Sens. Joe Lieberman (I-Conn.) and Tom CoburnThomas (Tom) Allen CoburnBiden and AOC's reckless spending plans are a threat to the planet NSF funding choice: Move forward or fall behind DHS establishes domestic terror unit within its intelligence office MORE (R-Okla.) are pressing the deficit-reduction supercommittee to consider their proposal to cut more than $500 billion in Medicare spending over 10 years.
Lieberman’s support for Medicare reform is significant because he caucuses with Democrats and holds sway with centrist senators such as Susan CollinsSusan Margaret CollinsWelcome to ground zero of climate chaos A tale of two chambers: Trump's power holds in House, wanes in Senate Bipartisan blip: Infrastructure deal is last of its kind without systemic change MORE (R-Maine) and Ben Nelson (D-Neb.).
Lieberman and Coburn argue that the Joint Select Committee on Deficit Reduction cannot adequately deal with the nation’s projected deficits without reforming the healthcare entitlement program.
“Federal spending for Medicare and Medicaid has accounted for a sharply rising share of the federal budget over the last decade, making it clear that it will be virtually impossible to balance our country’s finances without bringing the costs of these programs under control,” the lawmakers wrote in a letter Wednesday to the 12 members of the supercommittee.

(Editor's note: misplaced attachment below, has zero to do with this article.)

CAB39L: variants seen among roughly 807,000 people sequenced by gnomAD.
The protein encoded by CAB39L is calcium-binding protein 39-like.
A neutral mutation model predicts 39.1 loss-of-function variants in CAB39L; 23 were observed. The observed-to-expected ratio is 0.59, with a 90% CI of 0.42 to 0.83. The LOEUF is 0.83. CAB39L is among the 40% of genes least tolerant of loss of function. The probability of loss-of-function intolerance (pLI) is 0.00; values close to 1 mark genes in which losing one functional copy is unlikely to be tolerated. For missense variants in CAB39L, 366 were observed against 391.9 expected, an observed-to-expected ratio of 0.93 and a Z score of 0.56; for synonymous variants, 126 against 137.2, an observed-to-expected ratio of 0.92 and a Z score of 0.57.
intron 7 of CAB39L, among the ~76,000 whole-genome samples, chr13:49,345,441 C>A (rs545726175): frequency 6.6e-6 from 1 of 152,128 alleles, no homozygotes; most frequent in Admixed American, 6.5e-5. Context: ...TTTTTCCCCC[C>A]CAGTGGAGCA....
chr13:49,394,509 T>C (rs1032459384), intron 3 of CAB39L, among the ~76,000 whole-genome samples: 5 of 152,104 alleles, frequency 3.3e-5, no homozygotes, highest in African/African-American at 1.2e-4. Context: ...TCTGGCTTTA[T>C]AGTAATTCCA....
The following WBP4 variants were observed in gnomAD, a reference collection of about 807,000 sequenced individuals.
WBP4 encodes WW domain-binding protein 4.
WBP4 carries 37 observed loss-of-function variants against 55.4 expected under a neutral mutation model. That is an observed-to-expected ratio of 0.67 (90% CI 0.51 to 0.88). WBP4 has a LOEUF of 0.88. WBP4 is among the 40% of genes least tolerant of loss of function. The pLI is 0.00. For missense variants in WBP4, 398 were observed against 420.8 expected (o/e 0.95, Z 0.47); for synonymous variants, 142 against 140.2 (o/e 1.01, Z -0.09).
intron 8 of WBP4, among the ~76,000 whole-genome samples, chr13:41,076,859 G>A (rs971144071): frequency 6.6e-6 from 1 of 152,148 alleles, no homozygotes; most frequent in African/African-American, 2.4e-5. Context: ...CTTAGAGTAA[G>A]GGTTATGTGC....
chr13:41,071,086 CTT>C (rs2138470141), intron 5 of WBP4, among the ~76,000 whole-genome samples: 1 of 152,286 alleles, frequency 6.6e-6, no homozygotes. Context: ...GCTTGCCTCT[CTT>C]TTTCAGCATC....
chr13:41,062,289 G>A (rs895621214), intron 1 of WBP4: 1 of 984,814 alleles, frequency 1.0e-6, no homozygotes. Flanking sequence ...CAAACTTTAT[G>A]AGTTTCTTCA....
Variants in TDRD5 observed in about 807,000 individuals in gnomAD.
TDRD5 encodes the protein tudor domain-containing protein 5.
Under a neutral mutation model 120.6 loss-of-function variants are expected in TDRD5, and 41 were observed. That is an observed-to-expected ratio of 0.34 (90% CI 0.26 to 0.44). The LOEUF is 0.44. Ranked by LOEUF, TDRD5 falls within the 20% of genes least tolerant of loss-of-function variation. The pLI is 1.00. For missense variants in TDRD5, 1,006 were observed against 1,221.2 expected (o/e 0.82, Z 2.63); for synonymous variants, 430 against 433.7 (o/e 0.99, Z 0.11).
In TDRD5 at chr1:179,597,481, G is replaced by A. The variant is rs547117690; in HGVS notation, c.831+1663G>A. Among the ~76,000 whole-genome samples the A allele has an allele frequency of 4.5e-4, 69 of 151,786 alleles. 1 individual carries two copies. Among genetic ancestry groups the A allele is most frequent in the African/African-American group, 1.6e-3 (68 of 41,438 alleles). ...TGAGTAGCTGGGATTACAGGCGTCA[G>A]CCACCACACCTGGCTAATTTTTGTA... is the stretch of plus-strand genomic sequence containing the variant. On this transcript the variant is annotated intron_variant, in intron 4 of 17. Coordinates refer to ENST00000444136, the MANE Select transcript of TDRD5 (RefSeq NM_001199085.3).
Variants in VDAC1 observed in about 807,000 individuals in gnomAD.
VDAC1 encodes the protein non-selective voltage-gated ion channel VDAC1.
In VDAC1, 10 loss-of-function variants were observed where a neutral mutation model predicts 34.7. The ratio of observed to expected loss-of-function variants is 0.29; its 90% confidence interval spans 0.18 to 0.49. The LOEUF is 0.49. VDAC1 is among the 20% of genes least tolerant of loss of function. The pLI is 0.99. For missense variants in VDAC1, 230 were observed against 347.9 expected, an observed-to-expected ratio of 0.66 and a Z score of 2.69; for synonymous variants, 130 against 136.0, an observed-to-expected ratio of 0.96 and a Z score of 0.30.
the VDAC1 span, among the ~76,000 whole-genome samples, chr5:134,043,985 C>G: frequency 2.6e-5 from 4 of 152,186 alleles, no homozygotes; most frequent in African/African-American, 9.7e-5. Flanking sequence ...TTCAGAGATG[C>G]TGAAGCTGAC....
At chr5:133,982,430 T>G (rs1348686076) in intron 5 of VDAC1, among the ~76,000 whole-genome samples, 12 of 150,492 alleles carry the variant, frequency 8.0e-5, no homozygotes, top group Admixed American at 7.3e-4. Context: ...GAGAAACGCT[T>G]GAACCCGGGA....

They urged the panel to review the Medicare reform plan they released in June.
It would increase the share that beneficiaries pay into the program to account for 35 percent, instead of 25 percent, of Medicare revenues. It would also require higher income earners to pay a greater share of Medicare Part B, which covers doctors’ visits, and Part D, which covers prescription drugs.
Lieberman and Coburn would require people 65 and older who make more than $150,000 annually to pay the full cost of Part B coverage, and full premium costs for Part D.
“The facts are clear, something must be done to reform Medicare or it will bankrupt the federal government and take America’s finances down with it,” they wrote.
They argued their plan would “address many of the imminent fiscal dangers facing the Medicare program.”
The Congressional Budget Office estimates their plan would save more than $500 billion over 10 years.
The lawmakers wrote that it would reduce Medicare’s 75-year liability by an estimated $10 trillion.
If the supercommittee fails to agree on a deficit-reduction package worth at least $1.2 trillion by Nov. 23, it would automatically trigger that amount in cuts to defense and non-defense spending programs.
Under this sequestration process, Medicare would receive as much as a 2 percent cut, which lawmakers say would primarily affect healthcare providers and insurance companies.